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  • Minnesota Soybean Research & Promotion Council

Ag Innovation Campus holds grand opening in Crookston, Minnesota


A ceremonial cutting of the ribbon for the Ag Innovation Campus took place Sept. 14 in Crookston, Minnesota. (Photo: Ron Kotrba, Biobased Diesel Daily)

Community members, local and regional dignitaries, area farmers and media earned their first look at the new cutting-edge Ag Innovation Campus in Crookston, Minnesota, in mid-September.


The AIC hosted its grand-opening ceremony Sept. 14 with an open house, tours and remarks from AIC officials and those involved in the creation of the facility.


For the leaders who helped make the AIC a reality, the grand opening was a triumphant moment and signaled huge opportunities for the region’s ag economy.


Slunecka (Photo: Ron Kotrba, Biobased Diesel Daily)

“What makes this facility so amazing is the vision and the mission that it is going to hold for agriculture,” said Tom Slunecka, acting AIC CEO, in his opening remarks. “Not only will AIC empower the value of agriculture in the region and add value with new employees to the city of Crookston, but this facility is going to change agriculture as a whole.”


After nearly five years of advocating, planning and construction, the AIC facility itself is complete but is awaiting a few final components before launching formal operations in the coming weeks.


“Getting to this point was no easy task,” said Mike Skaug, chair of the AIC board and a farmer in Beltrami, Minnesota, who served as president of the Minnesota Soybean Growers Association from 2021-’22. “We had to navigate COVID-19. We dealt with supply-chain shortages, workforce shortages and inflation. That makes this moment all the more rewarding. It’s also rewarding to know that farmer-led advocacy was crucial in putting the Ag Innovation Campus in a position to succeed.”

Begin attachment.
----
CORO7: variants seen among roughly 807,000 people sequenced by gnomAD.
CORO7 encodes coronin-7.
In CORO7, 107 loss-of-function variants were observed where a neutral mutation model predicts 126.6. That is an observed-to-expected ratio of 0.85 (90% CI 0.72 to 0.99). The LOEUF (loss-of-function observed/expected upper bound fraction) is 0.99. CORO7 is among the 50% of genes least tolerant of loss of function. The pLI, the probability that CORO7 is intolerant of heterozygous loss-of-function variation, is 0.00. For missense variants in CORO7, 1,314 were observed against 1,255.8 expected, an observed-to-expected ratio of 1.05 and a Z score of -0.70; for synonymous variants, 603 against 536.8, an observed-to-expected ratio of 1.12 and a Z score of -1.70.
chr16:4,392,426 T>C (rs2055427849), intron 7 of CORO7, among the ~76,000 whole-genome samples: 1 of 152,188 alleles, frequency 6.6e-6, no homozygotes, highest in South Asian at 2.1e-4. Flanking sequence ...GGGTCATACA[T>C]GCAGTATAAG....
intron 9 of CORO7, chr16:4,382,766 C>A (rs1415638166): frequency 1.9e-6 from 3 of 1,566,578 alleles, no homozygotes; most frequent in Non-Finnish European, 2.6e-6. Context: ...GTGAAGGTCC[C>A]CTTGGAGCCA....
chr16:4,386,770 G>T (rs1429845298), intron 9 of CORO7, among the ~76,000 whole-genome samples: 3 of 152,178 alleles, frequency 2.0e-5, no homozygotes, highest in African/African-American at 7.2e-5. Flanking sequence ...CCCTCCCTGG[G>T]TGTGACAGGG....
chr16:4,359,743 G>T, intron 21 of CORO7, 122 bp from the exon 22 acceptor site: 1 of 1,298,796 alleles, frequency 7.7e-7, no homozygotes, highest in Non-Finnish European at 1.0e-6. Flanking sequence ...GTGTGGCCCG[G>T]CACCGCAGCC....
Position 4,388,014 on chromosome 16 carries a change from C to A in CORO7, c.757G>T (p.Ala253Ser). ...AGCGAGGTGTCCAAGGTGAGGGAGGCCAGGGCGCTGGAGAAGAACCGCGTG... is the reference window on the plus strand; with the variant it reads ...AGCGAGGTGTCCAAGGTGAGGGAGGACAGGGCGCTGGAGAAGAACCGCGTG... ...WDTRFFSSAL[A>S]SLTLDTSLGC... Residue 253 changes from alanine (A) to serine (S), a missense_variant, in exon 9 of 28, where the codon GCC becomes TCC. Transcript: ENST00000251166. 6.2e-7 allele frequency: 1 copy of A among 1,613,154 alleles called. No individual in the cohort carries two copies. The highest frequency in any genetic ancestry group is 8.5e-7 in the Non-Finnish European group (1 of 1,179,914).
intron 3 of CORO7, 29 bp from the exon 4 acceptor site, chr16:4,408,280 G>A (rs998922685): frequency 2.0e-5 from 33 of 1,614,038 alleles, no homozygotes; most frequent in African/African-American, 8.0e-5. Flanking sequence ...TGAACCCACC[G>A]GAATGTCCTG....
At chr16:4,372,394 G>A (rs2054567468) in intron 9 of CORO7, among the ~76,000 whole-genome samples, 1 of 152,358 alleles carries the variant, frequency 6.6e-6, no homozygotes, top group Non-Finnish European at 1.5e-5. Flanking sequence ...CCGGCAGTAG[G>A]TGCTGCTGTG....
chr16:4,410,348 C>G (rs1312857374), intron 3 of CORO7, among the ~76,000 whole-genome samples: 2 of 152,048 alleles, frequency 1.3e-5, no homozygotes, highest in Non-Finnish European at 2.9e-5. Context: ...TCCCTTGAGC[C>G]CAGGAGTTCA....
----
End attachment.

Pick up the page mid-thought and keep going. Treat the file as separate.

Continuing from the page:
About 200 people attended the event in Crookston, Minnesota. (Photo: Ron Kotrba, Biobased Diesel Daily)

The grand-opening ceremony took place in the loading bay of the Ag Innovation Campus, which was packed with about 200 attendees from around the region who were excited to learn more about this one-of-a-kind facility—perhaps none more so than Crookston Mayor Dale Stainbrook.


“The city of Crookston is honored to be the home of AIC, its staff and all of the unique, forward-thinking agricultural products we expect to come from this facility,” Stainbrook said.


Attendees wait to tour the facility. (Photo: Ron Kotrba, Biobased Diesel Daily)

In the spirit of the AIC’s bipartisan support, the event also brought in several legislative and agency dignitaries.


Minnesota Department of Agriculture Commissioner Thom Petersen, State Sen. Mark Johnson, Rep. Deb Kiel and Ben Lien from Sen. Amy Klobuchar’s office all shared remarks during the grand opening.


“The AIC is going to give Minnesota a tremendous opportunity and edge over our competitors, but it also shows the investment and foresight that the Minnesota Soybean Research & Promotion Council and Minnesota Soybean Growers Association had when envisioning this facility,” Petersen said.


Soybean-oil tanks (Photo: Ron Kotrba, Biobased Diesel Daily)

Also sharing the stage during the grand opening were Tom Frisch, chair of MSR&PC; Bob Worth, president of MSGA; Shannon Schlecht, executive director of the Agricultural Utilization Research Institute; Janelle Wald, executive director of the Crookston Area Chamber of Commerce; and Karstyn Cantrell, national vice president of the Future Farmers of America central region.


“Thanks to checkoff support from both the council and United Soybean Board, the AIC is bringing both public and private industry together to bring ideas and technologies from benchtop all the way to commercialization,” said Frisch, who farms in Dumont and also serves as AIC treasurer. “The AIC will also allow for teaching of the next generation of crush-plant managers and operation personnel, and we’re confident that the AIC can continue to keep our industry at the forefront of new and emerging technologies and value-added uses.”


Crude-oil centrifuge, right (Photo: Ron Kotrba, Biobased Diesel Daily)

Once running, this not-for-profit facility will produce an estimated 240 tons of soybean meal daily, equaling a grand total of 62,400 tons of soybean meal per year.


With three independently operated mechanical-crush systems, the AIC will be able to crush organic, non-GMO and GMO soybeans.


The crush plant is only the first phase in this three-phase project.


Phase II will feature an office complex and research labs.


Phase III consists of rentable discovery bays that will be available for short- to mid-term use.


Companies can then use the space to prove their designs at full-production scale.


The “Crushwalk” will also allow visitors to view the processing facility in a safe and bio-secure manner.


Click here to learn more about the Ag Innovation Campus.

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